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Testosterone treatment and higher blood clot risk (2016-12-14)

A striking increase in prescribing of testosterone occurred over the first decade of this century, with a 10-fold increase in testosterone prescriptions per capita in the United States (excluding compounding pharmacies).

The 40-fold increase in Canada, which includes internet pharmacies providing additional testosterone sales, suggests that this may be an underestimate.

Yet pathological hypogonadism, defined as recognised pathological disorders of the male reproductive system, remains the sole unequivocal indication for testosterone treatment.

In a recent study researchers examined data on 19,215 patients with blood clots (comprising deep venous thrombosis and pulmonary embolism) and more than 900,000 similar men without a history of clots collected from 2001 to 2013 in the U.K. to determine the risk of venous thromboembolism associated with use of testosterone treatment in men, 909,530 age matched controls from source population including more than 2.22 million men.

In the first six months after starting testosterone, men have a 63 percent higher risk of clots in the legs and lungs than they did before beginning treatment, the study found: the risk peaked within six months and declined thereafter.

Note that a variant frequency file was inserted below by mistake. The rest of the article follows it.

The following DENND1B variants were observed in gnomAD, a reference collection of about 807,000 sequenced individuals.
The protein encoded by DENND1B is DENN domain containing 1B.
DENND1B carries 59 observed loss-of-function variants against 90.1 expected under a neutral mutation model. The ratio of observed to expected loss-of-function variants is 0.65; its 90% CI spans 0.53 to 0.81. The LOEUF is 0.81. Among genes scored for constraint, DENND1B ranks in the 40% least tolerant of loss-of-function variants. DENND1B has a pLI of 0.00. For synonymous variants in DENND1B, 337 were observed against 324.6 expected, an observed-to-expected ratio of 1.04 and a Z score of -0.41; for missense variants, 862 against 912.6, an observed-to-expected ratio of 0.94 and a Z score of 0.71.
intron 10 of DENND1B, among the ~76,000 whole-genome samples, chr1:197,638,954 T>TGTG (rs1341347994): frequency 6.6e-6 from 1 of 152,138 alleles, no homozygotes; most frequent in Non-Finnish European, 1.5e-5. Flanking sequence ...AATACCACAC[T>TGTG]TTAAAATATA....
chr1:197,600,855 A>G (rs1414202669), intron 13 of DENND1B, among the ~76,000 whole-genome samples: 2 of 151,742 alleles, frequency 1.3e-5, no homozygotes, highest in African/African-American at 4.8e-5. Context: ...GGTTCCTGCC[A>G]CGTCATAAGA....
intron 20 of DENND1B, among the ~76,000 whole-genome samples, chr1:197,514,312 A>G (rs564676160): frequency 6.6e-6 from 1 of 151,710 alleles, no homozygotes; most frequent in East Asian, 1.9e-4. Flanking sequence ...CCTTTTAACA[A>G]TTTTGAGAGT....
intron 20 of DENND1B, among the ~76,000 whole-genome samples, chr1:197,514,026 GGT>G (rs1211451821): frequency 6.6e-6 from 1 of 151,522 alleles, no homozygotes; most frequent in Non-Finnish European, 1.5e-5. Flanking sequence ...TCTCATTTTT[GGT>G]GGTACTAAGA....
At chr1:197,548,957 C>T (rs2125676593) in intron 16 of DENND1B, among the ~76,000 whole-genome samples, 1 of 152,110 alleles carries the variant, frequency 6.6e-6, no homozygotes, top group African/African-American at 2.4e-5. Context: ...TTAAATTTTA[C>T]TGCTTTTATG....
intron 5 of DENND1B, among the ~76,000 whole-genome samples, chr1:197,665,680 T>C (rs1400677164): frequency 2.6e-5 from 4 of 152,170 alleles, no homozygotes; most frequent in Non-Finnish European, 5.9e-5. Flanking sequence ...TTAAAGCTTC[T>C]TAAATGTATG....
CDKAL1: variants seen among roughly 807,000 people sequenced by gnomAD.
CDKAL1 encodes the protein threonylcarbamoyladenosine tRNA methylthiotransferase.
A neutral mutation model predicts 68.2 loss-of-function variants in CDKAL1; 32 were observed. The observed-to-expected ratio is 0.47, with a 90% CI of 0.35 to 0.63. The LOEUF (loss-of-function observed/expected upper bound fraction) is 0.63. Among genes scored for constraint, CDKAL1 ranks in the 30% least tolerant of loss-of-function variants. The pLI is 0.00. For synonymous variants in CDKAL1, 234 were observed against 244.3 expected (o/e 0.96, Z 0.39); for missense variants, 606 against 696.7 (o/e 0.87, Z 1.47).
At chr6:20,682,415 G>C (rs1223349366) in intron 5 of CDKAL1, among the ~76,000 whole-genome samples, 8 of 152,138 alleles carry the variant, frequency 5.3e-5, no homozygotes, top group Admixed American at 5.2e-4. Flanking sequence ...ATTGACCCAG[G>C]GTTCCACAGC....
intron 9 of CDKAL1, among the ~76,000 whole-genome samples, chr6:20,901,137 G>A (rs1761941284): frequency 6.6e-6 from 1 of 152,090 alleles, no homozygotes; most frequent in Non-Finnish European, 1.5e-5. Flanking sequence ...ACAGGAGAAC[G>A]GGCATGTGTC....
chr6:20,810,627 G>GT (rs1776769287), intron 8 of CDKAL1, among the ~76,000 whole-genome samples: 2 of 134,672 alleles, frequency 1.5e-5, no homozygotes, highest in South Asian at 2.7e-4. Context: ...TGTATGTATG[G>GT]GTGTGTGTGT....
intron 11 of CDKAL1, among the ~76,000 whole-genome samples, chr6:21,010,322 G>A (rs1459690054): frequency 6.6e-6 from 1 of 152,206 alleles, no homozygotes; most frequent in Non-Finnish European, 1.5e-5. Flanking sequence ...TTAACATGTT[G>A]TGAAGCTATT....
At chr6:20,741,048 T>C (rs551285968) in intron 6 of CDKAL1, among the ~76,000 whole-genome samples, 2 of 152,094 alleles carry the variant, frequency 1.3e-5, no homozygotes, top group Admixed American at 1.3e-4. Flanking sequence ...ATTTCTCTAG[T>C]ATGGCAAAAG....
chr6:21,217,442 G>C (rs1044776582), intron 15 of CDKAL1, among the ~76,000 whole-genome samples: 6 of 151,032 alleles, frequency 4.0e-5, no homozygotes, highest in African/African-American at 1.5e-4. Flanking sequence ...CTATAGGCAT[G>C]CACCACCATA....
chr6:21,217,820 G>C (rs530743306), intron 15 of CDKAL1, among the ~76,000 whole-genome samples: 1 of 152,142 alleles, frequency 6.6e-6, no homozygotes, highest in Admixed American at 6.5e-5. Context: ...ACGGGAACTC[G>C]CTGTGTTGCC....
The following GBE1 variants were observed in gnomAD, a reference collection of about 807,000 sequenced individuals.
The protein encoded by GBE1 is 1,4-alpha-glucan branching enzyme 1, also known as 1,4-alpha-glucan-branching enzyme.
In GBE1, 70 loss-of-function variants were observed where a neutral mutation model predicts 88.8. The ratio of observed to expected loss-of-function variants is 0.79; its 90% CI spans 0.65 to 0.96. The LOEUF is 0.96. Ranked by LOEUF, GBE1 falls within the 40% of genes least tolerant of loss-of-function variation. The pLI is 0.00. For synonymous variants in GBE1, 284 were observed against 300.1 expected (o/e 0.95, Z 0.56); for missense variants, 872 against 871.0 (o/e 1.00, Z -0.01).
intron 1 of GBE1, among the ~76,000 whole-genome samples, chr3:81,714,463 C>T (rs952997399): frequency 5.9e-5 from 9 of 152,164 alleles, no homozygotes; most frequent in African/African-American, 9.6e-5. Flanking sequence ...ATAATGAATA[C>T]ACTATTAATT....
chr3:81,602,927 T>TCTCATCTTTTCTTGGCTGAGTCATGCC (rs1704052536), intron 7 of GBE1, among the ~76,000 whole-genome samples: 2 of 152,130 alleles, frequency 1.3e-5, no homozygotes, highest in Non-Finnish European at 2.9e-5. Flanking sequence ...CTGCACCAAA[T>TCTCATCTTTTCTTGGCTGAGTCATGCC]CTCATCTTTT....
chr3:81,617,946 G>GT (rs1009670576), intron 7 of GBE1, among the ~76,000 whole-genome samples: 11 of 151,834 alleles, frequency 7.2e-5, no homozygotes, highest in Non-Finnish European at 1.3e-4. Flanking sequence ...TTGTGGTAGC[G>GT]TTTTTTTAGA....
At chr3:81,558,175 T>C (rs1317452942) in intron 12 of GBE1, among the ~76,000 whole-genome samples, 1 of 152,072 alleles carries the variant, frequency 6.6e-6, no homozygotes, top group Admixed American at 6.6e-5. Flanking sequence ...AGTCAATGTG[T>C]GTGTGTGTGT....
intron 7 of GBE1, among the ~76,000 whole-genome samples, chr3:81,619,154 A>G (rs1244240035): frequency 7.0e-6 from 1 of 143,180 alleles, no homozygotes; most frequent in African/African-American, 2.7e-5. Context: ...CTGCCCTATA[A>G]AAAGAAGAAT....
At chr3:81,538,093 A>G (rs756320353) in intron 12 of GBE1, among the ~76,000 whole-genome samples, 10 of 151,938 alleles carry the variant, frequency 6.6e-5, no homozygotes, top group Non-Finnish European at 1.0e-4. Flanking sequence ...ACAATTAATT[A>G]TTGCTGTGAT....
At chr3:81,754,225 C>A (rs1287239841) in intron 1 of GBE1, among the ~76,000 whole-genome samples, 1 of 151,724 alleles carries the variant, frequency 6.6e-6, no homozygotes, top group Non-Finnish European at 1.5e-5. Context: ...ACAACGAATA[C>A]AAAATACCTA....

Testosterone levels decline gradually over time, leading to symptoms such as decreased libido, sexual dysfunction, decreased bone mineral density, mood disorders, reduced muscle mass and fatigue.
Most of these symptoms can also come from other causes such as diabetes, high blood pressure, heart disease and thyroid disorders.

Millions of men worldwide have taken testosterone to address these symptoms.

Some previous studies suggest a possible relationship between low testosterone and hardening of the arteries, heart disease, and blood clots, said Dr. Joao Zambon, a researcher at Wake Forest University in Winston-Salem, North Carolina who wasn't involved in the study.

For more information
Testosterone treatment and risk of venous thromboembolism: population based case-control study